Tuesday, September 3, 2013


JackieGerstein Ed.D. (@jackiegerstein)
9/2/13 7:29 AM
I Forgot My Phone: more connected, but more alone smh.com.au/digital-life/m… via @smh

makes me sad that there are moments in our lives where we're not present because we're looking at a phone," said deGuzman, who also wrote the piece, which was directed by Miles Crawford.

watch/verb more

"It wasn't until this year that I've had these revelations about living in the moment without my phone," deGuzman said. "I still have my phone with me, but I try to leave it in my purse. Now I find myself just taking in a moment, and I don't have to post a picture about it."

Bonnie Stewart (@bonstewart)
9/3/13 6:26 AM
the piece my diss proposal was missing. RT @paulg Why I Won’t Try to Publish as I Move Towards Tenure bit.ly/132az8e thx @JessieNYC

reason: the academic publishing system is built around a 1-2 year publishing process that requires the best and brightest minds to turn over all of their intellectual property without any compensation for that work.

dang if this is the only (and even the top) reason

loved each of those jobs, but I would never have worked for any of those places had they not paid me for my work. Now that I’m a professor, I have yet to see a compelling reason to publish in academic journals that neither compensate me for your work, nor give me the right to keep and control the distribution of that work

a bit concerning..
and a bit ... spot on

Outside the obvious ethical issues I have with this business model, the closed business of academic publishing stands against everything that science represents. At best this system makes it very difficult to parse through data, find relevant science and information, and drive innovation. At worst it works directly against

The culmination of this long process came with the realization that your work was going to reach a limited audience. In fact very few people could afford access to the very best journals, which meant counter-intuitively the more prestigious and important your finding, the less likely it would find a wide audience.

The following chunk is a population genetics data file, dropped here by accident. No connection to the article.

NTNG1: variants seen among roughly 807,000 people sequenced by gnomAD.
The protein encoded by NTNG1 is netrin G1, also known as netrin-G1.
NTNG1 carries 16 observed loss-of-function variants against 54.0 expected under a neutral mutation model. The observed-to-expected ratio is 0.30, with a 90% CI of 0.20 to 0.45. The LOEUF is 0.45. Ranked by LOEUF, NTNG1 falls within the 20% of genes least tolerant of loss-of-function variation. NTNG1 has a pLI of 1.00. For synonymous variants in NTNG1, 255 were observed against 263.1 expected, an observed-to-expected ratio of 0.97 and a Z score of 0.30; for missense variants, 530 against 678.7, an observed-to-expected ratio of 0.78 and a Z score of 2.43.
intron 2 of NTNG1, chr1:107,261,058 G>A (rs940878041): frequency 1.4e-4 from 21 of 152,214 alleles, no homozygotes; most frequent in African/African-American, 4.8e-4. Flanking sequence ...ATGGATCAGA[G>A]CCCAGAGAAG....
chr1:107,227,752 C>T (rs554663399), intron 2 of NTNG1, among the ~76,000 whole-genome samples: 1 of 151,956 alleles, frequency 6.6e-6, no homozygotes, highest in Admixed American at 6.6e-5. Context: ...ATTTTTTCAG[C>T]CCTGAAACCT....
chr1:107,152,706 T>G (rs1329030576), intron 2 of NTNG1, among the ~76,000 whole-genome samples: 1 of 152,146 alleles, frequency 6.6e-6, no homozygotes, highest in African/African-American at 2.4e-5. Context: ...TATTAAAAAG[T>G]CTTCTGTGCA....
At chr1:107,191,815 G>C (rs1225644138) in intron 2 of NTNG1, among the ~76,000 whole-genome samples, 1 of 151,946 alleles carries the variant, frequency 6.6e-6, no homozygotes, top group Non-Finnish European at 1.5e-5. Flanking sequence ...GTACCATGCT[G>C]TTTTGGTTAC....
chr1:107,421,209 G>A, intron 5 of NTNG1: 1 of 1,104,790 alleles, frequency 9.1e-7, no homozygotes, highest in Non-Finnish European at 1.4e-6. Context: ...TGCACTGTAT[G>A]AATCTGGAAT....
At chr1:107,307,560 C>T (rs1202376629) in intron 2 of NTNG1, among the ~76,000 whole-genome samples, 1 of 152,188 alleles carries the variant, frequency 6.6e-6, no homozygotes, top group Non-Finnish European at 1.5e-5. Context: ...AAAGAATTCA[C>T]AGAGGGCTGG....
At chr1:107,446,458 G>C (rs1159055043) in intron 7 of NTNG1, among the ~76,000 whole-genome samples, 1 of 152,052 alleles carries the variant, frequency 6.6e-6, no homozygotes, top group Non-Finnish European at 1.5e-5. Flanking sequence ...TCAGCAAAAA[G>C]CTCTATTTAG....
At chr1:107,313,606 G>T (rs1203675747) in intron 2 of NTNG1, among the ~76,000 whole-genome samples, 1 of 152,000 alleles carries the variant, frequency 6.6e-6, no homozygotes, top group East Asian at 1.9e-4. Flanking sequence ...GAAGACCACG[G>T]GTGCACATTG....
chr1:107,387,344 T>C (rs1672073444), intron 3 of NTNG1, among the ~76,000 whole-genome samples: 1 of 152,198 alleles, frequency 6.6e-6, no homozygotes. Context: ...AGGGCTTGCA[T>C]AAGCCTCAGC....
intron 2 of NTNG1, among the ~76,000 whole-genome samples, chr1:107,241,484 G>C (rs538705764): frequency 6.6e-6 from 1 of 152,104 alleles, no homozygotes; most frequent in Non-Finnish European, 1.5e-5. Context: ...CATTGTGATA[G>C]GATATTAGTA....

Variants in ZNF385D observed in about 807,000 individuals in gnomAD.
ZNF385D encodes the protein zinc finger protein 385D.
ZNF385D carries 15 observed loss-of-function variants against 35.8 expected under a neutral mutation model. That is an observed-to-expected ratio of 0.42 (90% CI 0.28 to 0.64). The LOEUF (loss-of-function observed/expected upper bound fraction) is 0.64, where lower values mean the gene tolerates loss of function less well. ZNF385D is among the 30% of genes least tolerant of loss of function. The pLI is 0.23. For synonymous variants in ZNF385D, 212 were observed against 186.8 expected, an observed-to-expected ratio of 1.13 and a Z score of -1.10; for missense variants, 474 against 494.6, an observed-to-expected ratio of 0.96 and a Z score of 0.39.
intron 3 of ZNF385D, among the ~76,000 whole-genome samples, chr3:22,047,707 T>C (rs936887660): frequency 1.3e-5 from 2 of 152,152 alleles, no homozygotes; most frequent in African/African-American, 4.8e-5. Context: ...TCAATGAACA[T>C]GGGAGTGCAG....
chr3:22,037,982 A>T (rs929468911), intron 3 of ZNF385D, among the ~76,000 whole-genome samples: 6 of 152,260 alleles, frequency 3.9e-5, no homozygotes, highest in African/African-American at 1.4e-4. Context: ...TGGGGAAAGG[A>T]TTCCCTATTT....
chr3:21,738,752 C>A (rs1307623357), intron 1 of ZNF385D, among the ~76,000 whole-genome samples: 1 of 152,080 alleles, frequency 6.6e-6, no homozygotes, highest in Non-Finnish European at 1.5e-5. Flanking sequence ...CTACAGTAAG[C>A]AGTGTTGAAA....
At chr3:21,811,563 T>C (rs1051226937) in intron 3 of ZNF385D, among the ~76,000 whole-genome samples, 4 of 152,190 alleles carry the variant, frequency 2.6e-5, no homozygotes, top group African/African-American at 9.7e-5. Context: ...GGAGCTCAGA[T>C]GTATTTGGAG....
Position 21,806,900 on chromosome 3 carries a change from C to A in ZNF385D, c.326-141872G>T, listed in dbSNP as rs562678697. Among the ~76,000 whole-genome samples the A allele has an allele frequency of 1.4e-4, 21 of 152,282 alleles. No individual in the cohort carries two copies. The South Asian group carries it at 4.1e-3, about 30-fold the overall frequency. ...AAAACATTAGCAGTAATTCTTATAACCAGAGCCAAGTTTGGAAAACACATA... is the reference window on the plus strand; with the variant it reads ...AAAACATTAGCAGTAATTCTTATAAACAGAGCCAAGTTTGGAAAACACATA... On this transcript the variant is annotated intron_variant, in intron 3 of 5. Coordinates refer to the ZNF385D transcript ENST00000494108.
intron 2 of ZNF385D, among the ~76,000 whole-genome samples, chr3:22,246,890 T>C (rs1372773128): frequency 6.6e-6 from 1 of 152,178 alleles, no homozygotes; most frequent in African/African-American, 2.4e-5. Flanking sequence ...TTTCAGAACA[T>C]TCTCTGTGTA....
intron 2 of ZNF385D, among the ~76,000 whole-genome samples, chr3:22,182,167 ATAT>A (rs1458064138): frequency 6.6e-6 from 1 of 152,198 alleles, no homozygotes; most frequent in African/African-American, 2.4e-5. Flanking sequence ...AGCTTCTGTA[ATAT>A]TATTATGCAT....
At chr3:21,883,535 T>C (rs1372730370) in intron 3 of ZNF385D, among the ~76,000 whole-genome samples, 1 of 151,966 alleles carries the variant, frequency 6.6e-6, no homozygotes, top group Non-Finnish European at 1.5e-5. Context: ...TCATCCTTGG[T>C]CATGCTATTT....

Everyone claims to agree that people should be encouraged to understand science and other academic research. Without current knowledge, we cannot make coherent democratic decisions. But the publishers have slapped a padlock and a “keep out” sign on the gates.

ve long ago gotten past the fact that few people understand what I do on a practical level. What concerns me is that they haven’t yet grokked the importance of tinkering. The people who play on the edge offer a valuable window into what’s coming next. What those people who tinker with emerging media, software tools, and communication technology allow us to do is peel back science to the pre-research level

haven't yet grokked the importance of tinkering.. of.. whimsy

Tinkers get their hands on tools before they become commoditized. They get the chance to take them apart, put them back together, and see how they might be used. Computer scientists build the digital tools, but the tinkers create the artifacts and experiences that researchers study.
might is huge.
what Alex talked about while suggesting true placebo.. non- functional

To put it another way: I believe in the scientific method, but I also believe in the process of getting to the scientific method.

Scott McLeod (@mcleod)
9/3/13 6:30 AM
Simple School Performance Metric: Miley v. MLK bit.ly/1a2avr3#edreform #edchat

Tony Wagner (@DrTonyWagner)
9/3/13 6:32 AM
With common core, fewer, higher math standards for K. No But no one is asking whether they are age appropriate. Play? nyti.ms/15t52ep

or perhaps - no one is tapping into curiosity.
we're not listening to the incredible questions kids/people have - addressing/facilitating those experiments/et al...